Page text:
Cybercrime • Computer sabotage • Sanction (also applicable in case of attempted sabotage): • Fine: 26 to 25.000 EUR (x6); and/or • Prison sentence: 6 months up to 3 years (increased in case of fraudulent intent or intention to cause damage) • Criminal sanctions are increased in case of: • Causing damage to data in any IT system as a result of computer sabotage • Interfering with the proper functioning of any IT system as a result of computer sabotage • Sanctions are doubled in some cases of cybercrime recidivism Leuven, 20 February 2014 25

Cybercrime • Computer fraud • “the insertion, modification or erasure of information in an IT system or any other change to the normal use of information in an IT system in view of obtaining an illegitimate economic advantage for oneself or for others” (article 504quater Criminal Code) • Economic advantage: any material or immaterial good (e.g. money, intellectual property rights, titles to real estate…) Leuven, 20 February 2014 26

Cybercrime • Computer fraud • Sanction • Fine: 26 to 100.000 EUR (x6); and/or • Prison sentence: 6 months up to 5 years • Attempted computer fraud is punished with lower criminal sanctions • Sanctions are doubled in some cases of cybercrime recidivism Leuven, 20 February 2014 27

Cybercrime • Computer forgery • “the insertion, modification or erasure of information in an IT system or any other change to the normal use of information in an IT system in view of changing the legal effect of that information” (article 210bis Criminal Code) • Sanction • Fine: 26 to 100.000 EUR (x6); and/or • Prison sentence: 6 months up to 5 years Leuven, 20 February 2014 28

Cybercrime • Computer forgery • Knowingly using such forged data is also a criminal offence • Attempted computer forgery is punished with lower criminal sanctions • Sanctions are doubled in some cases of cybercrime recidivism Leuven, 20 February 2014 29

Electronic communications • Electronic communication is protected • Interception of electronic communication • Art. 314bis of the Criminal Code • Access to electronic communication • Art. 124-125 of the Act of 13 June 2005 • Specific rules for telco’s and callcenters • Specific problem for investigation of email and IM logfiles Leuven, 20 February 2014 30

Electronic communications • Article 314bis of the Criminal Code • Interception of communication • Unlikely to apply in case of auditing or consulting logfiles • Article 124 of the Act of 13 June 2005 • General interdiction to: • Consult any electronic communication • Identify participants to such electronic communication • To process in any manner such electronic communication UNLESS: if consent is obtained from all participants Leuven, 20 February 2014 31

Electronic communications • Article 125 of the Act of 13 June 2005 • Specific exceptions exist (only business relevant exceptions are mentioned): • If allowed or imposed by law • With the sole purpose of ensuring the proper functioning of the network or the proper performance of the communication service • For offering a service that consists of preventing the receipt of unsolicited electronic communication, provided consent has been obtained for the recipient • No distinction is made between private and professional communication! Leuven, 20 February 2014 32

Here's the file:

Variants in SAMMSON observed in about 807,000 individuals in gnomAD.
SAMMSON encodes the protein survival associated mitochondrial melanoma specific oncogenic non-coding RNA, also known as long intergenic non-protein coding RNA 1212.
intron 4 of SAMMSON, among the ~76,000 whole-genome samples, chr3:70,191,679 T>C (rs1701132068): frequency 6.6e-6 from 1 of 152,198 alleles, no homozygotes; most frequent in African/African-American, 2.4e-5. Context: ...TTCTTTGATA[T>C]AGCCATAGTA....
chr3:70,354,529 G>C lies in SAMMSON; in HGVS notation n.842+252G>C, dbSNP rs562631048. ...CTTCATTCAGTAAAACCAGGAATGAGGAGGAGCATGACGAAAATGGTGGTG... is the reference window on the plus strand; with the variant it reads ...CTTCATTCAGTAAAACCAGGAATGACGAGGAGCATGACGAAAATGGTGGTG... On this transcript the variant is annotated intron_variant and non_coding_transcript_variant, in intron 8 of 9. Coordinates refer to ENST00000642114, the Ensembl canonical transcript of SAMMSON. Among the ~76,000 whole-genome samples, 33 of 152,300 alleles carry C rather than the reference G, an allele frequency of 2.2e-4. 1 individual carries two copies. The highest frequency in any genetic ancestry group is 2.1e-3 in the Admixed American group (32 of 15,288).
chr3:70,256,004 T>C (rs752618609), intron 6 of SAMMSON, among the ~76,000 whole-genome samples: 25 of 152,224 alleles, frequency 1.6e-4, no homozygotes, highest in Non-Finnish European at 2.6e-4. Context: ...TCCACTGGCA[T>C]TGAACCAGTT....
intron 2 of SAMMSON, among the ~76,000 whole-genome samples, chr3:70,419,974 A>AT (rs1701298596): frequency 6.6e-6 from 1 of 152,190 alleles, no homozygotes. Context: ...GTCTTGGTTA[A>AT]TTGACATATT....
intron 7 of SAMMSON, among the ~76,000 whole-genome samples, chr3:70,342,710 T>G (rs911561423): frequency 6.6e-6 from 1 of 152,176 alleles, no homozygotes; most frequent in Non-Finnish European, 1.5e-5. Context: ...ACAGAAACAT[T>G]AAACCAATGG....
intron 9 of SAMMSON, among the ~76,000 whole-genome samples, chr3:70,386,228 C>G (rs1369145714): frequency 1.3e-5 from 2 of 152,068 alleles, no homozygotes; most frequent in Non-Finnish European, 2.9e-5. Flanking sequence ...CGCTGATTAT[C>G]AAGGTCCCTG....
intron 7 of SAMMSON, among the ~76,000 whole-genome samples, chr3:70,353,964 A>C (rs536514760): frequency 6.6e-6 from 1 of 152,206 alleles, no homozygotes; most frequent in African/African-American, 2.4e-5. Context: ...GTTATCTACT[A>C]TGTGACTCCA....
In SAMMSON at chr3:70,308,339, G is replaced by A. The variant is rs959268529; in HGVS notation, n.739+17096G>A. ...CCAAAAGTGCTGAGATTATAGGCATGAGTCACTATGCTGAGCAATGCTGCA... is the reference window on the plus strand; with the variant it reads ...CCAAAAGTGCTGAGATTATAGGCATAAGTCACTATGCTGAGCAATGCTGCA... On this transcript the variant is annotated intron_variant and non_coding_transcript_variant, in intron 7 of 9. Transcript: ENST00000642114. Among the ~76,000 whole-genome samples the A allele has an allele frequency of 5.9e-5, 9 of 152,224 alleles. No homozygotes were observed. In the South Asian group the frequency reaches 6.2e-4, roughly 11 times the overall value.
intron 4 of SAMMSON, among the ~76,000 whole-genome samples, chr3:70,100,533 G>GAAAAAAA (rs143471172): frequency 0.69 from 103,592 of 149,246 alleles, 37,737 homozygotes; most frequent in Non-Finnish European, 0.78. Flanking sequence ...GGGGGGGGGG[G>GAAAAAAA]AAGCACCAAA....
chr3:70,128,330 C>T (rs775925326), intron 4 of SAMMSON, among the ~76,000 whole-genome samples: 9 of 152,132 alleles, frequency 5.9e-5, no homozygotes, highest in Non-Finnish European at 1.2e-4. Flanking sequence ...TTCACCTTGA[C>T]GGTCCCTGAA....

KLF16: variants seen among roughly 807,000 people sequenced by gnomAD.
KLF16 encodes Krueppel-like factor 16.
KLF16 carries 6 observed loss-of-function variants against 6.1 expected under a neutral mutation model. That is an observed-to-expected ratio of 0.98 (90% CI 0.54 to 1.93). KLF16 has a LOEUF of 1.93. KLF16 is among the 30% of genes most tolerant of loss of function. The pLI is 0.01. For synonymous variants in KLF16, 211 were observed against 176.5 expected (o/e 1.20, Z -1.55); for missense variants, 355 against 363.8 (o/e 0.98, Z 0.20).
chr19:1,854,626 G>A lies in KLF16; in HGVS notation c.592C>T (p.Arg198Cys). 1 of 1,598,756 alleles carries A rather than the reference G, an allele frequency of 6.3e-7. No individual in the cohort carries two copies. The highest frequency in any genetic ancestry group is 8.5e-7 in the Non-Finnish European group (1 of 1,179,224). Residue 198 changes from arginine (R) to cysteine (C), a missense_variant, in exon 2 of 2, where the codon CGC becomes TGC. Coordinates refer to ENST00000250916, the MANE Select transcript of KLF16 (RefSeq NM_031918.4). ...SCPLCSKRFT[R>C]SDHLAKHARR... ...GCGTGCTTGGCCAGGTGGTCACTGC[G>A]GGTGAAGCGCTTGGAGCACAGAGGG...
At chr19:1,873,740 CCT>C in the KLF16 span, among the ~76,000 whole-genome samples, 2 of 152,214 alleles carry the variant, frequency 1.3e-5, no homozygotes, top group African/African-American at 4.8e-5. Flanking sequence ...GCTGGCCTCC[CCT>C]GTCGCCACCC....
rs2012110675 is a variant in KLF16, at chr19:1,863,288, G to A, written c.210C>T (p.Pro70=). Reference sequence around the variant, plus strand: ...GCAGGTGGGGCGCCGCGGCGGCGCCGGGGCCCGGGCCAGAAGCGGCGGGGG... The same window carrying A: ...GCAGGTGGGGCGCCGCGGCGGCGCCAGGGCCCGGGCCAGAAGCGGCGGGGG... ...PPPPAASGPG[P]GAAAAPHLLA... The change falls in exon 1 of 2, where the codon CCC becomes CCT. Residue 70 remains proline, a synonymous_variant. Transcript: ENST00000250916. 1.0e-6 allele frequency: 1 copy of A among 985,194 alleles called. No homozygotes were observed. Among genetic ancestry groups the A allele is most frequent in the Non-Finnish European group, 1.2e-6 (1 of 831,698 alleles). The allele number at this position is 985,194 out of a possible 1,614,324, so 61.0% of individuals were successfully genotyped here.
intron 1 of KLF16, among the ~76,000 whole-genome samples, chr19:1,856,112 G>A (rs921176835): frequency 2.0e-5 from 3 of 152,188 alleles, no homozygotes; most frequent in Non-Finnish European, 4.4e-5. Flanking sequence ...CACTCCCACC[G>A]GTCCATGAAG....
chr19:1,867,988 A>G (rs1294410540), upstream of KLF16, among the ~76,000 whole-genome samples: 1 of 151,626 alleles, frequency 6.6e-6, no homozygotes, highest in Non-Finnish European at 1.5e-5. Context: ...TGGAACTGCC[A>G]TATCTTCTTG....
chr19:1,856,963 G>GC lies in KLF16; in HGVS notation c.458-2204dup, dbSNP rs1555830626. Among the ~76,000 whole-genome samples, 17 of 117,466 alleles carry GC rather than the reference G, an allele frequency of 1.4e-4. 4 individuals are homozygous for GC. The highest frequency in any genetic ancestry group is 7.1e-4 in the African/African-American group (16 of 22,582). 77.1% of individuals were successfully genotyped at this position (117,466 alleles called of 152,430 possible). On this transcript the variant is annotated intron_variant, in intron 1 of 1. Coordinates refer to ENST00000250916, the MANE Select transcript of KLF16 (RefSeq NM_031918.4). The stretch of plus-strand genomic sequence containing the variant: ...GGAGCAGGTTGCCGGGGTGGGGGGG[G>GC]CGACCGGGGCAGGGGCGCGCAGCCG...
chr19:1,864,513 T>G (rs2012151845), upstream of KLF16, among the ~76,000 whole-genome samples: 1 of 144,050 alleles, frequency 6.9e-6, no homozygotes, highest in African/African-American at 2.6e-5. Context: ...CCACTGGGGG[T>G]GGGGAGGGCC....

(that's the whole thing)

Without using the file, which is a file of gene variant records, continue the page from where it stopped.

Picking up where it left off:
Electronic communication • Article 128 of the Act of 13 June 2005 • Communication logs as evidence • Legal business transactions • Evidence of a commercial transaction or other business communication • Conditions • Prior information on registration, purposes and duration of registration Leuven, 20 February 2014 33

Electronic communication • Monitoring of any form of electronic communication • Use of e-mail • Use of Internet • CBA No. 81 allows a limited degree of monitoring • Surveillance is possible for limited purposes • The prevention of illegal acts, slander and violation of decency • The protection of the economic, trade and financial interests of the company • The protection of the security and proper functioning of the company’s IT system • The compliance with company policies in relation to online technologies Leuven, 20 February 2014 34

Electronic communication • CBA No. 81 • Procedural requirements • Collective information • Individual information • Sanctions? • Prior hearing • Link with work regulations Leuven, 20 February 2014 35

Logs as evidence • Admissible • Type of evidence (‘matters of fact’ vs ‘legal acts’) • Lawful • Illegal evidence • Illegally obtained evidence • Probatory value (‘credibility’) • Weight carried by the submitted evidence • Influenced by the reliability • Gathering process of digital evidence • Inherent reliability (?) • Derogation by agreement? Leuven, 20 February 2014 36

Logs as evidence • “Antigoon” case law • Illegally obtained evidence • Evidence is no longer automatically discarded • Evidence is retained, except: • Nullity is legally imposed sanction • Unfair trial • Impact on reliability • Small note: “Antigoon” case law is relatively new and still evolving Leuven, 20 February 2014 37

Logs as evidence • Problems with electronic evidence • Rules of evidence strongly favour “paper evidence” • Courts may be reluctant in the face of new technologies • Case law usually dismisses electronic evidence at the slightest indication of the possibility of fraud / tampered evidence Leuven, 20 February 2014 38

Logs as evidence • General rules • ensure the accountability and integrity of any electronic evidence at all times • Implement procedures and policies / provide evidence that these policies are regularly verified or audited Leuven, 20 February 2014 39

Log as evidence • Practical approach in Belgium • If feasible, define the probatory value of logs by agreement • Ensure that the evidence collection is organized in a manner guaranteeing evidence integrity • Ensure that the evidence is stored in a secure manner • Court proceedings may include a court expertise Leuven, 20 February 2014 40

Contact details Johan Vandendriessche Partner crosslaw CVBA Mobile Phone +32 486 36 62 34 E-mail j.vandendriessche@crosslaw.be Website www.crosslaw.be Leuven, 20 February 2014 41

ISACA BELGIUM Leuven, 20 February 2014 42